Small Sensor Digital Photography

I haven’t posted to this site for more than two years. The substance and rhythm of work and daily concerns had absorbed me as I immersed myself anew into the small wonders and demanding pressures of life in my native New York.  New impressions, discoveries, and rediscoveries defied short-form articulation and political conflicts and issues of social and economic inequality and change diverted my thoughts and emotions.  Then came the all-consuming pandemic, the “lockdown” and economic implosion, and the weeks of protest and upheaval that followed.  What prompted me to resume posting anew — and to begin with this seemingly obscure subject — was the appearance this week of an electronic “reprint” of one of my old posts portraying memorials to two of the vanished synagogues of Vienna.  The “reprint,” posted on the wien: postkolonial blog, is interspersed with commentary by Austrian sociologist Marietta Mayrhofer-Deak, a valued colleague and interlocutor.  Marietta posted the “reprint” in connection with a series of urban walks tracing places and trajectories relevant to the experience and daily lives of the waves of immigrants and refugees who have settled in Vienna in recent decades.  In that context, it is important that the diversity, rise, accomplishments, and murderous denouement of one of Vienna’s most characteristic and influential minority populations be remembered, honored, and learned from, for it is wise to know in whose footprints one treads.


The Humboldttempel, the towering, domed synagogue of the largely working- and middle-class quarter of Favoriten, the 10th District of the city of Vienna, was looted, dynamited, and burnt to embers eighty-one years ago, on the morning of November 10, 1938, during Kristallnacht, the night of broken glass, a twenty-four hour orgy of intimidation, violence, and destruction of synagogues, dwellings, and livelihoods of Jews throughout the territory that constituted Germany at the time.


Favoriten is a quarter of Vienna that I came to know well.  Even from afar,  its daily rhythms and the heights and depths of its history, like that of much of Vienna, haunt me.  I wonder how often, if ever, the thoughts of present-day residents of the 10th District –recent Turkish, Balkan, and Middle Eastern immigrants, and working-class descendants of 19th-century Viennese- and provincial-born Austrians and Czechs– turn to the Jewish workers, small-scale merchants, craftsmen, and workshop owners who, long ago, formed a significant part of the quarter’s population, or, for that matter, to the Jewish social activists and politicians who spearheaded the shaping the progressive social ethos, infrastructure, and culture from which today’s Viennese, whatever their origins, still benefit.

The organized Jewish community of Favoriten was founded in the 1870s. The Humboldttempel was constructed in the 1890s and took its name from the tree-filled square on which it was sited: Humboldtplatz.  The main hall of the synagogue was large enough to seat more than 700 attendees.  For decades, the dome of the Humboldttempel was a towering feature of Vienna’s skyline.

The architect of the Humbolttempel, Jakob Gartner, was responsible for three other synagogues in Vienna, as well for as a dozen more in cities and towns across the the former Hapsburg Empire. Gartner died in the 1920s.  Every one of the fifteen synagogues he designed and built was destroyed on November 10, 1938 or in the carnage that Germany — and Austria, as an integral part of Germany during the Nazi years — took with it abroad in its orgy of conquest, looting, destruction, and murder during the six-year-long world war that began less than a year after Kristallnacht.  Indeed, Austrians, as has become clear over the decades, played an out-sized role in the torment and murder of Jews and the destruction of Jewish life throughout most of Europe.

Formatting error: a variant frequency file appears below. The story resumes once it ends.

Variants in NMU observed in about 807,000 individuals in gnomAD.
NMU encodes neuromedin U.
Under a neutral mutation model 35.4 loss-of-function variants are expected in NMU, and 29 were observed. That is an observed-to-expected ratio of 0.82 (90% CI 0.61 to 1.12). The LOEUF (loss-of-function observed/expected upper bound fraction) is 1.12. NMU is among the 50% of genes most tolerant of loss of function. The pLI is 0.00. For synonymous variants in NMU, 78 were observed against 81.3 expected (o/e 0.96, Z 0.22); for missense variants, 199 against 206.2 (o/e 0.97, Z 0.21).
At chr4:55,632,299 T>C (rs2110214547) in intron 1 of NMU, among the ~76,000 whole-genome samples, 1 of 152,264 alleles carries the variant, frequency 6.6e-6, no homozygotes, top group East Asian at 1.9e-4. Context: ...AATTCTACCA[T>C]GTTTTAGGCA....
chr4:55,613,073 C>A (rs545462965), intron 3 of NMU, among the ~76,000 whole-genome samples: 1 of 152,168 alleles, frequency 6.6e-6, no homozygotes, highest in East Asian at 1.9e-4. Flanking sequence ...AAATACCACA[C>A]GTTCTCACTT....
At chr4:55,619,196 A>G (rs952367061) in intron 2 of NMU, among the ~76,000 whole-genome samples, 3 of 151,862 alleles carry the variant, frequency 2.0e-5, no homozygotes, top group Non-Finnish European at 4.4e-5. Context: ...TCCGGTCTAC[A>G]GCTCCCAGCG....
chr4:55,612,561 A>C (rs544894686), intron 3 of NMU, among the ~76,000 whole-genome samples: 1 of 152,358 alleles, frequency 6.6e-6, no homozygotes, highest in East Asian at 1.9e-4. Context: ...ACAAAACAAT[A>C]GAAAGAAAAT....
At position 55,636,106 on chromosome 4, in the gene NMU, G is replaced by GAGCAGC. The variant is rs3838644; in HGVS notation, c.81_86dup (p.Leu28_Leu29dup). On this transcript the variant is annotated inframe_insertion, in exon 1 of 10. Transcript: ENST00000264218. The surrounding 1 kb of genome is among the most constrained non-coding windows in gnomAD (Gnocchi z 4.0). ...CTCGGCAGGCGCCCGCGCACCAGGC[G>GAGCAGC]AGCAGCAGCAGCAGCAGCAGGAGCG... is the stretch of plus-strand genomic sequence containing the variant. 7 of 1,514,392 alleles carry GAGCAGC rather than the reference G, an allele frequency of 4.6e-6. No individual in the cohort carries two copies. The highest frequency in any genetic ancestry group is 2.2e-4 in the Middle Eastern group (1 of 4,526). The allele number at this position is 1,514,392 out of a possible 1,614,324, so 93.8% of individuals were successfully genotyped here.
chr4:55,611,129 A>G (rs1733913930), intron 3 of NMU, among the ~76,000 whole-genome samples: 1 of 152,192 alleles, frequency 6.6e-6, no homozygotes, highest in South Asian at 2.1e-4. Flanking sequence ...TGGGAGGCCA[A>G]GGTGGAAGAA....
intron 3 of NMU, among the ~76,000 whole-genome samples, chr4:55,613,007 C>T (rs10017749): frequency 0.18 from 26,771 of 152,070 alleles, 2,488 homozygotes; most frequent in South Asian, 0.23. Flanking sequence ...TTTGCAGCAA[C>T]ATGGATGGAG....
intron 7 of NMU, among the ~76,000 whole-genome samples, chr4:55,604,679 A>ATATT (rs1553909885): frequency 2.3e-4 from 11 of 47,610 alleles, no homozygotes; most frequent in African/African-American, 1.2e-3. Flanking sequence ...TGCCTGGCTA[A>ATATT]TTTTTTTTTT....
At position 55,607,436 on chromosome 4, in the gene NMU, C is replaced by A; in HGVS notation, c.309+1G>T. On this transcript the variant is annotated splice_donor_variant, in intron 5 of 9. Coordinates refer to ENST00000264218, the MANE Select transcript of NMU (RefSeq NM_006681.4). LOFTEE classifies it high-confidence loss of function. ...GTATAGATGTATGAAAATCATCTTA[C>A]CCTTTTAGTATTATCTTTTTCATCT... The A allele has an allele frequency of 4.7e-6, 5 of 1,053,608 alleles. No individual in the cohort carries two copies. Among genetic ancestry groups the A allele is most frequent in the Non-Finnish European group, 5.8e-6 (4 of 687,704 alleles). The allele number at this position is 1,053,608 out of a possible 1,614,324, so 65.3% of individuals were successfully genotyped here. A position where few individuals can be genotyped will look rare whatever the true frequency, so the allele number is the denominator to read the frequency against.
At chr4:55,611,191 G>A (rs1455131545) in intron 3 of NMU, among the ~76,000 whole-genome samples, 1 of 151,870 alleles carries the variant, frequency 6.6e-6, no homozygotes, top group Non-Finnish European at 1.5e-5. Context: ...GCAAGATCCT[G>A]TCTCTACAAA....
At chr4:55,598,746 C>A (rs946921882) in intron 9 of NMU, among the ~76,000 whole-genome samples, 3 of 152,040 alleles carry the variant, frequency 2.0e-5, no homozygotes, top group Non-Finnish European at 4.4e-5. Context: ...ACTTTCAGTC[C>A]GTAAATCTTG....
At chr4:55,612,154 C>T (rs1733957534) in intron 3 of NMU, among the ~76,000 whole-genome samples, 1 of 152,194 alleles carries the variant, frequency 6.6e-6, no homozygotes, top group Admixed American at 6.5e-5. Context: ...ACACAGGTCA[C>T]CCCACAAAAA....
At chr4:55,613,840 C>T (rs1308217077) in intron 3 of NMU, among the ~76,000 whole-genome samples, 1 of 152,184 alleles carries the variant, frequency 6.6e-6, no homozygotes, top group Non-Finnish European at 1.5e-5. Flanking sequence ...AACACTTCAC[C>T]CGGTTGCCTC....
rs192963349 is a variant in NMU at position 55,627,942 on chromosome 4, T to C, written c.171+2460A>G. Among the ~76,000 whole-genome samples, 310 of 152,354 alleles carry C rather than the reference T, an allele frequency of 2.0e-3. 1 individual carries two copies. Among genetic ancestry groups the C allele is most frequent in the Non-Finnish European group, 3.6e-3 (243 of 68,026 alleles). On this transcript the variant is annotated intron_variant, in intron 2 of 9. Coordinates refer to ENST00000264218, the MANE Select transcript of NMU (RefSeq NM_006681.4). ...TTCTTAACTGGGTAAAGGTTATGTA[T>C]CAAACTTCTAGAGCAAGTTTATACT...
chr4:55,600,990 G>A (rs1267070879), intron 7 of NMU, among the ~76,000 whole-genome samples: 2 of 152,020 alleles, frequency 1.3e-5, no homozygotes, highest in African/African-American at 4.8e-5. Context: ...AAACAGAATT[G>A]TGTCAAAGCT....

When the Humboldttempel was conceived and built, few would have would have imagined that it would vanish in flames only forty years later, or that its members and community would be deported and murdered. Despite sharp inter-ethnic friction and clerical and popular antisemitism at the turn of the nineteenth century to the twentieth, most Viennese Jews, ten percent of their city’s population, were confident of their places and prospects and of the protection of the state.  Others, however, had well-founded doubts and sensed that Jews would be denied a place in the societies and economies of post-imperial Europe — thus the deep roots of Zionism* in Vienna.


The wonderful glass and concrete memorial monument to the Humboldttempel — pictured in the three photos above — was installed only a few years ago, at the edge of the park and playground that now fills Humboldtplatz, at a site diagonally across from two post-war apartment blocks that stand on what was the footprint of the vanished synagogue.

The memorial is both a three-dimensional architectural model and a near-incorporeal chimera.  Two-dimensional renderings of the exterior of the Humbolttempel are inscribed in black on the thick vertical transparent glass elements of the memorial.  These, combined with a floor plan inscribed on the concrete base of the model and a street plan inscribed on the surrounding asphalt, give an accurate rendering of exterior, interior, and location of the Humbolttempel.   However, with each shift in viewpoint, and with each change in the angle and intensity of sunlight, the three-dimensional recreation of the Humbolttempel seems to dissolve — first into a multiplicity of disconnected planes, and then into abstraction and phantasm.